The Girl with the Discriminatory Issue

Arts & Culture, Comics, Opinion — By on March 30, 2012 10:47 AM

Or: why comics are disappointing their female fans


Let’s get one thing straight – Lisbeth Salander, the heroine of The Girl with the Dragon Tattoo, is not sexy.

Is she attractive? Yes.

Is she alluring? Yes.

Is she the biggest bad-ass with an underweight BMI Index to ever grace a crime novel? Damn straight.

But she is also a rape survivor. Which is why DC Comics’ graphic novel version of The Girl with the Dragon Tattoo is so off-the-mark it’s frankly a little disturbing.

Lisbeth is naked from the waist up, and looking over her shoulder. Her gaze is soft and sensual, and from between her pouted lips she blows out cigarette smoke. The only thing missing is some hustler with a greasy Errol Flynn moustache looming up behind her and asking her solemnly, ‘Was it good for you, darling?’

In the actual novel, the first time Lisbeth appears naked is when her sadistic guardian is subjecting her to brutal sexual abuse. The rest of the time, she is dressed to do battle in head-to-toe black leather. The rest of the time, she is fighting violence with violence, refusing to be cowed because of her gender, and seeking vengeance on those who choose to hurt her, or any other woman.

And the rest of the time, when she consents to sex, she is not a passive object of lust; she is on equal, respectful terms with the male protagonist. As Kelly Thompson writes in Comics Should Be Good: Comic Book Resources, the cover “strikes the wrong tone right out the gate“.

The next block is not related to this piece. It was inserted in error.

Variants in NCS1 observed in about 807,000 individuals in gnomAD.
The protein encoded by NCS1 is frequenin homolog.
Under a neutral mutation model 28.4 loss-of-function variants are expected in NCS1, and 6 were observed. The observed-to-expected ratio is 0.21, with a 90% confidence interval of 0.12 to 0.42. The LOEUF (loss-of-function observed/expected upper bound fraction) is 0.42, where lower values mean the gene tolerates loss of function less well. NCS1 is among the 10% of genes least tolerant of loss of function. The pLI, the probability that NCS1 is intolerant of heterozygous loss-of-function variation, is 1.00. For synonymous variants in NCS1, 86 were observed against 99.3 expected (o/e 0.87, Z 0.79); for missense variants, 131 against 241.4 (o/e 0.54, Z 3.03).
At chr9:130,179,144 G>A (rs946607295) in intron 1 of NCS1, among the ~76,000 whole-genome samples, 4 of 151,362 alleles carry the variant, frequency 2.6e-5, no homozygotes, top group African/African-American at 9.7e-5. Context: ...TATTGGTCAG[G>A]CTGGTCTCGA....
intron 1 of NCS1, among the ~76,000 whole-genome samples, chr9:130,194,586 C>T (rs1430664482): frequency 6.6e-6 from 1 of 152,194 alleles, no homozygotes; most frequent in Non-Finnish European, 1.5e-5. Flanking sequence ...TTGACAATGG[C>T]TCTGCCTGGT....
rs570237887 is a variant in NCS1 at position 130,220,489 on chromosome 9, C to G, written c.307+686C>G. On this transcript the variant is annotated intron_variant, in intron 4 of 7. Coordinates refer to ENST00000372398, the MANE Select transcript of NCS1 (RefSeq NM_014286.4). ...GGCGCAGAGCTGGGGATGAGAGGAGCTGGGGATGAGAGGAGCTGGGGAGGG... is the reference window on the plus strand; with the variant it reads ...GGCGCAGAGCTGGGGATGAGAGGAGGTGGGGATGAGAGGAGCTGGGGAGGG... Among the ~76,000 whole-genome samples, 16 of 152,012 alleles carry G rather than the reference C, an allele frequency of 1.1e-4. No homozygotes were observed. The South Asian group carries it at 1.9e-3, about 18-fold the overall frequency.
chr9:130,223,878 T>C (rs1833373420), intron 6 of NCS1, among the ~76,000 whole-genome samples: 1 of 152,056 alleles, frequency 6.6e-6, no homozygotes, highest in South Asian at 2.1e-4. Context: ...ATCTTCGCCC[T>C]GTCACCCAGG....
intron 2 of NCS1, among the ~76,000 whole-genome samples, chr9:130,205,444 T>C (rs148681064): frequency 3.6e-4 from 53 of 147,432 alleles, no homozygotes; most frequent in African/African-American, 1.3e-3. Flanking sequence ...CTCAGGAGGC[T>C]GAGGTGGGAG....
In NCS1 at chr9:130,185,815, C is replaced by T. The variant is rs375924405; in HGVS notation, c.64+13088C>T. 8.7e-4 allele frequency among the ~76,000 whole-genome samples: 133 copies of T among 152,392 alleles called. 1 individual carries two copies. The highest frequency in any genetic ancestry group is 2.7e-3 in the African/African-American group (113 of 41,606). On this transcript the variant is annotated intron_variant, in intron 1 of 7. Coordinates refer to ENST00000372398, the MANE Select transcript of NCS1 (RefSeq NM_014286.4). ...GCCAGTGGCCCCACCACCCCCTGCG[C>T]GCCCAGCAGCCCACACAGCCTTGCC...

The Goth Hottie with the Dragon Tramp-Stamp debacle aside, this is not the first time that DC has come under fire from its female fans.

At the 2011 San Diego Comic-Con, a female cosplayer who goes by the pseudonym Kyrax2, grilled the DC panel about how why their most prominent male superheroes got female spin-offs, but it was not the other way around (for example, Batman > Batwoman, Superman > Supergirl, Wonder Woman > What?).

To be fair, Marvel aren’t too great in the feminist respect either (She-Hulk, anyone?).

But Kyrax2 went on to raise more questions to the DC panel at Comic-Con: why was Wonder Woman omitted from the Justice League solo-titles line-up at the presentation? Why didn’t the Justice League panel have any female panellists?

Things got really heated though when DC publisher Dan Didio, when replying to somebody else’s enquiry about why the number of females working at DC Comics had fallen from 12% to 1%, replied, “What do those numbers mean to you? Who should we be hiring?”

When Kyrax2 pressed the issue further, she noticed that the audience had become hostile towards her, calling out “Gail Simone!”; the name of a prominent female DC writer.

Undeterred, Kyrax2 kept questioning Didio if DC were committed to hiring more female writers. Didio asked the women in the audience if they would like to work for DC. For those that answered yes, he told them to send their stuff in.